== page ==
The ATOL Reporting Accountants (ARA) Scheme came into effect for all specific ATOL reports on or after 1 April 2016.
ACCA members who act for ATOL holders need to ensure they are aware of the new regulations.
We have provided a recap of the scheme and details of the requirements to register as an ARA. There is also a summary at the end of this article of other recent changes in ATOL reporting that may affect ACCA members with ATOL holder clients.
Recap of the scheme
The ATOL Reporting Accountants' scheme was developed by the CAA in order to help improve the standard of ATOL reporting and to provide assurance that financial information which is submitted on behalf of ATOL holders is accurate. The scheme is designed to ensure that designated accountants of participating bodies are sufficiently knowledgeable about both the industry and specific requirements of ATOL to provide the required assurance needed by the CAA.
A number of professional accountancy bodies (ICAEW, ICAS, AAT, ACCA, IFA) are able to designate their members as ARAs subject to meeting certain requirements.
Note that this is for specific ATOL reports. So for instance where the accounts also require an audit, the ARA does not also need to be the auditor so current audit arrangements do not necessarily need to be altered. Similarly an accountant who helps the company with non-ATOL reporting could also be different to the ARA.
Two steps to becoming an ARA with ACCA
In order to become an ARA, ACCA members must register and complete the training required by CAA/ATOL. The training is completed via an online ATOL training module. Once the module has been completed the accountant can print the certificate online to provide to their professional accountancy body. The CAA will also provide all results of the training to the relevant professional accountancy bodies direct. To register, email CAA with your full name, the name of your professional accountancy body and your registration number with it. You will then receive login details to do the training for an 'ATOL Reporting Accountant'.
have taken and passed a professional examination covering assurance work as approved by the CAA. For ACCA members this is F8 Audit and Assurance or P7 Advanced Audit and Assurance or previous equivalents.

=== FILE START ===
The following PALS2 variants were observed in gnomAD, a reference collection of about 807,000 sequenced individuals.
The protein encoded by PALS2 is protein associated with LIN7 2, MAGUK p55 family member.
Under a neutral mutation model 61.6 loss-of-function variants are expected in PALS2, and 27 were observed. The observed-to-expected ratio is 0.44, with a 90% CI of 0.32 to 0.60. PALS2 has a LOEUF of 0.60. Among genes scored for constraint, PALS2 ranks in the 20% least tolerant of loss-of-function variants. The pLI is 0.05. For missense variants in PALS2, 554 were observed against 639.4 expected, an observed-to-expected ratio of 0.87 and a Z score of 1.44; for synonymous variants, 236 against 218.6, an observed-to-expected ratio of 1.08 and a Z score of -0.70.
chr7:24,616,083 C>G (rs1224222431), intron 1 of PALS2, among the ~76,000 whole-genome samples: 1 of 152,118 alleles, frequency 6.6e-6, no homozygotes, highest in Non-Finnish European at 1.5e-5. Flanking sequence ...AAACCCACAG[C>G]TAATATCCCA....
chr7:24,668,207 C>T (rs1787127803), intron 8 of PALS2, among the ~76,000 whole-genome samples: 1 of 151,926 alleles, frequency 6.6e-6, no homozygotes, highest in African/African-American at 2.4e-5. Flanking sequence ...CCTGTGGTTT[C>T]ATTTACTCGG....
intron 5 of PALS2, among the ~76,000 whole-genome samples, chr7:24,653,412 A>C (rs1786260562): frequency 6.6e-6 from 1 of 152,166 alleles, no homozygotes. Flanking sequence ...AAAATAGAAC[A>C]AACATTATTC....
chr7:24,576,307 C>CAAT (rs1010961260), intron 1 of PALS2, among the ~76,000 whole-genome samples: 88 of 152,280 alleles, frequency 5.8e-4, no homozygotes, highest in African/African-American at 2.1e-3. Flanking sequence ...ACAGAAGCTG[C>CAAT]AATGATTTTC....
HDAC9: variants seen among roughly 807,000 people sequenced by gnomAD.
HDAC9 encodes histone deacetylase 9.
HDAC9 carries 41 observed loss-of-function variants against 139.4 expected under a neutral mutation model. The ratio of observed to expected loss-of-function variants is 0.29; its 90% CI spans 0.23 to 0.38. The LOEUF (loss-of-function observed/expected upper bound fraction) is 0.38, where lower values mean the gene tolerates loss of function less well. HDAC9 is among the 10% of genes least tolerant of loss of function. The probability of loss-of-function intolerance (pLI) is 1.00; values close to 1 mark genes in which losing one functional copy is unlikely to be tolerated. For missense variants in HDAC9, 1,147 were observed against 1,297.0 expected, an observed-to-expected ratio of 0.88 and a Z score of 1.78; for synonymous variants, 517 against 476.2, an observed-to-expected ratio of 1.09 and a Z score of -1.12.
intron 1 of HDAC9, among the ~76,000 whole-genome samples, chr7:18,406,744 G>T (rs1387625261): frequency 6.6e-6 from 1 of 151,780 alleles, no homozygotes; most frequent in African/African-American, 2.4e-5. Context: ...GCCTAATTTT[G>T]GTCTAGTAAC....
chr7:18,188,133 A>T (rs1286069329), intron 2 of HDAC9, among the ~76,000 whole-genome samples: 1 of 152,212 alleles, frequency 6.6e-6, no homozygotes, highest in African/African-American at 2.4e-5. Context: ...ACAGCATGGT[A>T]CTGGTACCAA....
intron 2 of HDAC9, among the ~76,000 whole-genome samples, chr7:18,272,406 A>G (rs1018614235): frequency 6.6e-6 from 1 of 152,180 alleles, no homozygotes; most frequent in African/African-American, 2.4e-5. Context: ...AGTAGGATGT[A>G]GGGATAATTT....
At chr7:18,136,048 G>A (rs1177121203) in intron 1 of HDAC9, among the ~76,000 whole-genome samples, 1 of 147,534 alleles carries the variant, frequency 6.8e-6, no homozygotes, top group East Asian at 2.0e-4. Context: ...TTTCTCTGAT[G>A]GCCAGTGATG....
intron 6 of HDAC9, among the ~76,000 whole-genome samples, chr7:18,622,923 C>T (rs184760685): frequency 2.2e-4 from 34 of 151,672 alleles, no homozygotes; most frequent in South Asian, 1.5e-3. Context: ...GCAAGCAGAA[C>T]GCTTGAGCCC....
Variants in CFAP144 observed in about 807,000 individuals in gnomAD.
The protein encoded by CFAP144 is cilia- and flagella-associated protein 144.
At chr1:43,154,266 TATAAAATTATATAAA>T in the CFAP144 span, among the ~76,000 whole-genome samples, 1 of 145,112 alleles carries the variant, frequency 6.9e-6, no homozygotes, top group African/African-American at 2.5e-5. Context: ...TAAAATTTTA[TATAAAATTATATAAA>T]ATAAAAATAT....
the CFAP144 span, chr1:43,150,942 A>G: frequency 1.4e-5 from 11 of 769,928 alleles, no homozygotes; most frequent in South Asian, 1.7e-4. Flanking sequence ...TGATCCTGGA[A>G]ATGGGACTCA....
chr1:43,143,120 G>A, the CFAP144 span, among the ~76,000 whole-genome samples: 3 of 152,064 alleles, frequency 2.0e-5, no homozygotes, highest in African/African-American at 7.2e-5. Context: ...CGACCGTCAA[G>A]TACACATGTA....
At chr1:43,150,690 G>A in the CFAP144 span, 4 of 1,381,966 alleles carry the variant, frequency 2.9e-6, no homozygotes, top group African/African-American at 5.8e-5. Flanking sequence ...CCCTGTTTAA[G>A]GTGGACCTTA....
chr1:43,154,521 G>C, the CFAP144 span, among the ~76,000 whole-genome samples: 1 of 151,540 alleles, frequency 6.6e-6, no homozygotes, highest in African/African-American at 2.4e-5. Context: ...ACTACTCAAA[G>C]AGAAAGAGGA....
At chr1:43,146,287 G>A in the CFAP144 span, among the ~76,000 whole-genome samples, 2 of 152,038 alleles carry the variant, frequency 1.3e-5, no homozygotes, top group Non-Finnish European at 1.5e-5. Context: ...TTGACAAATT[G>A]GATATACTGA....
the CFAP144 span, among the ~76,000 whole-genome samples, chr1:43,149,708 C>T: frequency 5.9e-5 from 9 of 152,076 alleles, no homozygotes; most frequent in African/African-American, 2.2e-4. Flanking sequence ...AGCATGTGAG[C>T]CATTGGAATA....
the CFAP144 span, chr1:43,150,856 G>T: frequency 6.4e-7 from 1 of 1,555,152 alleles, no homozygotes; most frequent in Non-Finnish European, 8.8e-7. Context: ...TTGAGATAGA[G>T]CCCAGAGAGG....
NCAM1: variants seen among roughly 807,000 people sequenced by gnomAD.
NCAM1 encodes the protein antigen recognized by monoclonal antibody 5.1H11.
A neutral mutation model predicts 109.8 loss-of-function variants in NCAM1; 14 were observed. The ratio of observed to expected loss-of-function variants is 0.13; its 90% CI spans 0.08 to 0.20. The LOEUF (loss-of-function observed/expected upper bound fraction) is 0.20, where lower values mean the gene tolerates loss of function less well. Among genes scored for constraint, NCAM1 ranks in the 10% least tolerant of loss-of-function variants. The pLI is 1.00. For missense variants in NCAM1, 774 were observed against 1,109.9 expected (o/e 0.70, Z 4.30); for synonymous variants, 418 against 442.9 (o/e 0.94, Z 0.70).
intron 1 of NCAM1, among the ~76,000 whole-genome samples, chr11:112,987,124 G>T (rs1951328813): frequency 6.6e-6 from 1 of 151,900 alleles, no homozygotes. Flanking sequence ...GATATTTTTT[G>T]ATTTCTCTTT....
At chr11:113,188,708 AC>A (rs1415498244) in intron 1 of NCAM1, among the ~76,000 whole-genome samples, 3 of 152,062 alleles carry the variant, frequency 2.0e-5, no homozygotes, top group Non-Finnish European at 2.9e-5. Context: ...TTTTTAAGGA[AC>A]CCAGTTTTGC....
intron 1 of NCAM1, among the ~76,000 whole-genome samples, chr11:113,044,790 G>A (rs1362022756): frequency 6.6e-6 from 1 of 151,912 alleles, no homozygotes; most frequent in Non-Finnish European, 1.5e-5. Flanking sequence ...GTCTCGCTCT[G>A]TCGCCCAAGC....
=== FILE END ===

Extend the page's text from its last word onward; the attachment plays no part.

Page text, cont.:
The accountant’s details will then be entered on to the ATOL Reporting Accountants list which is regularly updated. Deadlines ACCA members need to ensure that they are registered and licensed in good time to make the relevant ATOL reports. The first deadline may well be the new Annual Accountants’ Report (AAR) that must be signed-off by an ATOL Reporting Accountant (ARA). The new report came into effect on 1 April 2016.
ATOL holders will be required to provide the new AAR prior to their next ATOL renewal in either September 2016 or March 2017. Note that ATOL is emphasising that it will no longer accept the old style of AAR or any reports that are not signed-off by an ARA.
Other recent reporting changes New financial tests In 2014, the CAA consulted on proposals to extend a risk-based approach to the assessment of all ATOL holders. Based on analysis produced for the CAA by a credit rating agency, a new financial assessment for Standard ATOLs with licensable revenue under £20m and Small Business ATOLs (SBAs) was developed. An announcement was made on this in March. ATOL holders with £20m or more will continue to be subject to a more in-depth risk-based assessment and franchise member ATOL holders with 1,000 licensable passengers or fewer will not usually be financially assessed by the CAA.
The new assessment comes into effect on 1 June 2016. It reflects industry best practice in risk assessment by looking at a range of financial ratios to measure the strength of a business's financial resilience. The extent of the financial assessment depends on the size and type of licence held.
The financial criteria are set out in a new document with further information and FAQs available on the CAA website.
ATOL holders will be expected to meet the new criteria for the first time at their ATOL renewal in either September 2016 or March 2017:
Small business ATOL holders will have an ATOL limit of £1m licensable revenue as well as 500 passengers
The minimum ordinary share capital for incorporated businesses applying for a first ATOL (ie a new applicant), whether a Standard or an SBA, will be £30,000
The minimum bond for new applicants will increase to £50,000, reducing over the first 4 years of a licence. A revised ATOL bonding policy will be published on 1 June 2016.